Windows Server 2012 Essentials remote client loses its Internet connection, here’s your DNS-related fix

Feb 27 2013 Update: Issue is promised by Microsoft to be fixed in the next public refresh. Meanwhile, this article covers a viable workaround/tweak (not really a fix). This issue was evident in Release Candidate, and is now seen the RTM versions, but perhaps only for those who do the “skip domain join” step before installing the client connector. Scroll down to the end of the article here for all the details from Microsoft, hosts/lmhosts editing suggestions, and a lively ‘Disqus’ion below the post.

Sep 09 2012 Original Article: So, you’ve downloaded and installed the new Windows Server 2012 Release Candidate Essentials from Microsoft’s August 21st 2012 blog announcement here. And perhaps you have some clients also installed, and they run fine in your local network. But once those client connector connected PCs wander to other networks, they may find themselves in a pickle. They can’t browse the web. Turns out their DNS is pointing to your server, but they’re not on your network, so they can’t “see” your DNS server. So they’re toast. The fix is more complicated than just fixing the DNS, read on for backstory, or just jump ahead and follow along with the screenshots. And please make a comment below, to let others know of your successes (or failures). Even better, take a minute of your time to confirm with Microsoft that you’ve also had this bug bite you, just by clicking the up vote arrows and/or the “I can to” button at their site here, which looks like this: Microsoft Connect feedback

Here’s the issue. Turns out that when you install the connector, the installer routine changes just the DNS portion of your primary network connection to the IP address of your WHS2012E system, leaving the rest as DHCP. When you’re on the same network, the PC seemed to work fine after the install, and can browse the web. It’s only when it goes offsite that the trouble starts. Even if that user has Hamachi VPN installed to connect to your network, they still can’t surf. Since the Hamachi VPN service relies on DNS working as well.

If you just talk them through resetting their DNS back to DHCP, the problem will strike again in less than a day. That’s aggravating. Turns out the “Windows Server LAN Configuration” service is running on their system whenever it’s booted, user logged in or not.  And that service resets the DNS IP back to your WS2012E system’s private IP. Ouch.

This DNS issue happens even if you remove your client PC from the domain and go back to workgroup model right after installing the connector. This workgroup mode doesn’t seem to have any side effects, you can still get to network shares, do backups, use the tap-to-dial super easy VPN connection (that it set up for you) to your remote server.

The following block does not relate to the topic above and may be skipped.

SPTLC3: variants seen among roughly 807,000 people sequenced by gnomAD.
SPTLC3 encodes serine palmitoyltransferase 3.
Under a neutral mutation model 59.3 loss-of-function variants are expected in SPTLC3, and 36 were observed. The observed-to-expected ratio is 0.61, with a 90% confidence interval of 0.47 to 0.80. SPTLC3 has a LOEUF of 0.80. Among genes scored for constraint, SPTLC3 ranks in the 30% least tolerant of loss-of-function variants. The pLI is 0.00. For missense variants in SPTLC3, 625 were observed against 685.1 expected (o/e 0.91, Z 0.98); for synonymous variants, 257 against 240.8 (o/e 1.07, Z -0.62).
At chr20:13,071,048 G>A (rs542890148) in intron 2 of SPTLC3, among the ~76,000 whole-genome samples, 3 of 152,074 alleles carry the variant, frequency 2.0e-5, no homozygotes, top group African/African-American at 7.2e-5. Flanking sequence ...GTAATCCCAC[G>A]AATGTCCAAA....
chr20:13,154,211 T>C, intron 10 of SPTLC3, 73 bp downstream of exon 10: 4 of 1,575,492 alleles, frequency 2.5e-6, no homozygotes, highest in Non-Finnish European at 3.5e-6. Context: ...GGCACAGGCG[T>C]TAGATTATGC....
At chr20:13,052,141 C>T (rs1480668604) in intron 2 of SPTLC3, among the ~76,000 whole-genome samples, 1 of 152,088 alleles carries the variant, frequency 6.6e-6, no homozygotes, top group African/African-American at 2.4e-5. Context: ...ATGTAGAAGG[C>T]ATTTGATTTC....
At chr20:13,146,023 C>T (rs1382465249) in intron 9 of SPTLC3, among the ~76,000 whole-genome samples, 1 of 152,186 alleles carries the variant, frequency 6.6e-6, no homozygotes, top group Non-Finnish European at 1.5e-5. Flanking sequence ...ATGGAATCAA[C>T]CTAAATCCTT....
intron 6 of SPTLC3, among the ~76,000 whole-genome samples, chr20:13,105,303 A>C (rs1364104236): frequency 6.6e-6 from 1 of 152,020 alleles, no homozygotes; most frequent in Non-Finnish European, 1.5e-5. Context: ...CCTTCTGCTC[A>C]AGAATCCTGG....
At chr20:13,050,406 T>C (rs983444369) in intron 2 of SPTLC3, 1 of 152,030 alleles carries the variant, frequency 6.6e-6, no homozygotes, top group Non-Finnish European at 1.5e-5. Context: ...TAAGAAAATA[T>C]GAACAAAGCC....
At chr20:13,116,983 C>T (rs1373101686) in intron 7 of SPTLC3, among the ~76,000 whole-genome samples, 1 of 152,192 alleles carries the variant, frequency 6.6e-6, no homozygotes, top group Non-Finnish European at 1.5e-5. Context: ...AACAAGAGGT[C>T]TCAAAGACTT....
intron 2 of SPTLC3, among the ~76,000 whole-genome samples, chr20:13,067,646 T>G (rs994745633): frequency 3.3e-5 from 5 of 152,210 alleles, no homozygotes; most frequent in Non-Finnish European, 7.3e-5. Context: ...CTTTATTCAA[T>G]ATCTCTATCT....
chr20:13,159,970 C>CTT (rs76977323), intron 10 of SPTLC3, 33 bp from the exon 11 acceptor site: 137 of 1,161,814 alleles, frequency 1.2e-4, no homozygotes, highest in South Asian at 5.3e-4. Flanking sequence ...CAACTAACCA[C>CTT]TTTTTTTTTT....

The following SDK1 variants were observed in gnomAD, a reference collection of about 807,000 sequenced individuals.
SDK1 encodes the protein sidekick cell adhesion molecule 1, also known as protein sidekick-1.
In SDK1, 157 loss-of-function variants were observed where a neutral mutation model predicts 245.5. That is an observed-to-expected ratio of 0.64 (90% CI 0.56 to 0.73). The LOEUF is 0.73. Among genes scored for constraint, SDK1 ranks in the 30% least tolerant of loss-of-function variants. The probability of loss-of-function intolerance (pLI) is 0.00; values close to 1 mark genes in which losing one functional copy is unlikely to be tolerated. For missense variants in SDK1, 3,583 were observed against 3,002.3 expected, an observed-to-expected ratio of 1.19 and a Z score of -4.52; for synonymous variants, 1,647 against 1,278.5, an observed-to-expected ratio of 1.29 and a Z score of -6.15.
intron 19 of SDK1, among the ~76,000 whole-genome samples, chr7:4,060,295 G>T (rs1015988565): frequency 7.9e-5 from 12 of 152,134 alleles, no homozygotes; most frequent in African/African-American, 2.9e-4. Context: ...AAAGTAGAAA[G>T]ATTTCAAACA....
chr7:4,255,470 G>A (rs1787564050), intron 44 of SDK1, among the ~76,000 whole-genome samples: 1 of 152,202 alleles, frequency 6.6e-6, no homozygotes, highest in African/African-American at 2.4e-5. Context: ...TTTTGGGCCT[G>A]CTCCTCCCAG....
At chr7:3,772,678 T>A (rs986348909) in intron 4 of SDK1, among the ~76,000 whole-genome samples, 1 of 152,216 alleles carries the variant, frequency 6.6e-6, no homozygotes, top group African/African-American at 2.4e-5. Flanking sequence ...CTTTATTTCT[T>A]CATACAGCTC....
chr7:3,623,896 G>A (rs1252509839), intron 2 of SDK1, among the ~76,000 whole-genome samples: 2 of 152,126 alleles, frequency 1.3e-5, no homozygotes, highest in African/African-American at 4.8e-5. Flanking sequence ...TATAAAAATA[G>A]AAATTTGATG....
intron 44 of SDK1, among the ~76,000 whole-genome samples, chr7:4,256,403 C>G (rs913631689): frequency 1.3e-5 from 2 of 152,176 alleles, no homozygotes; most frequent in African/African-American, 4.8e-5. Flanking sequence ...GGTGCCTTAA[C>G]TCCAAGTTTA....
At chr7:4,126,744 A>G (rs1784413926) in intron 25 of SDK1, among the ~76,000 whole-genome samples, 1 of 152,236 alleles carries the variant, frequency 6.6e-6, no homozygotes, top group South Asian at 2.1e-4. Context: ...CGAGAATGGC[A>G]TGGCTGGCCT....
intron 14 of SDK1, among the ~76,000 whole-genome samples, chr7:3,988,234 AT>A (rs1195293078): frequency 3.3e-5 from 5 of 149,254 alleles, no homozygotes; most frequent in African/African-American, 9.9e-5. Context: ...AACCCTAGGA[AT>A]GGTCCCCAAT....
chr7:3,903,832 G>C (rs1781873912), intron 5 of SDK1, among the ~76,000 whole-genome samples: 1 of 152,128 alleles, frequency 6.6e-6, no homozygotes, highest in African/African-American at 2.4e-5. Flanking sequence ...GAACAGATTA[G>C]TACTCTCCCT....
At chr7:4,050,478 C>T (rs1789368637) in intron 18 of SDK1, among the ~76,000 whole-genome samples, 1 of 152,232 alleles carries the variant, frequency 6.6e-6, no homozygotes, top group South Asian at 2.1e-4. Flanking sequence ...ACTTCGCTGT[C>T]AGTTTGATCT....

If you skipped out of the domain join requirement entirely, and went with this method instead, How to skip domain joining during client deployment in a Windows Server 2012 Essentials network, I would suspect it also reconfigures your DNS. This is something I plan to confirm.

This DNS issue bit me when trying to install a remote computer that was connected to my home network via LogMeIn Hamachi VPN, where soon after the successful install and configuration, I found the network connection died. The system had gone offline in LogMeIn UI list of systems, despite the stating the system was powered up. The user also noticed the computer couldn’t browse the web, despite saying it was actually connected to the WiFi network. That was tough to troubleshoot remotely, verbally. Yeah, it’s all beta/unsupported, I realize that. My pain, your benefit, here’s my fix/workaround, that doesn’t seem to have any unexpected/adverse side-effects, hopefully helping me ride out this beta period and get some more testing/feedback done.* *A server-side fix is also being discussed with the previous release here on Microsoft’s forums, but not sure I want the remote PCs to always try to resolve through my DNS server before failing to their secondary DNS configuration, and that approach wouldn’t have help me out of the pickle I was in.

Step-by-step fix to get your client PC’s DNS back to DHCP, permanently** **Well, at least until the client connector is automatically re-installed after updates someday in the future, at which time you may need to perform this fix again. Even better would be for Microsoft to address this with a better fix, I’m reporting this to their feedback site soon of course. (update, feedback submitted here)

1) On your Windows 7 desktop or Windows 8 desktop (all the steps appear nearly identical in either OS), at the bottom-right of your Taskbar Desktop, in the Tray area, left-click the ‘Network’ icon in your system tray

 2) Left-click “Open Network and Sharing Center”:

 3) Left-click “Local Area Connection” for the Network Adapter that you’re currently using:

4) Left-click the “Properties” button:

 5) Left-click the “Internet Protocol Version 4 (TCP/IPv4)” option, then left-click the “Properties” button:

6) Note, the IP address of your Windows Server 2012 Essentials system shows up for the Preferred DNS Server, but probably don’t want that, particularly for remote computers, or that backup server isn’t left running. The fix is done by clicking on the “Obtain DNS server address automatically” option:

 7) It’ll then change to this, click the “OK” button:

 8) Click Close:

 9) Now wait about 10 seconds, and it should then say “Internet”, click the “Close” button:

 10) Notice how the connection along the top shows a solid line connected to “Internet”, you can also close this window:

11) If you have multiple network connections, say WiFi and Wired, please repeat this entire section again (back to Step 1 above), removing the fixed DNS IP for the not-currently-in-use Network Adapter as well. To get to the properties of those other adapters, click on the “Change adapter settings” link along the left edge of the Network and Sharing Center.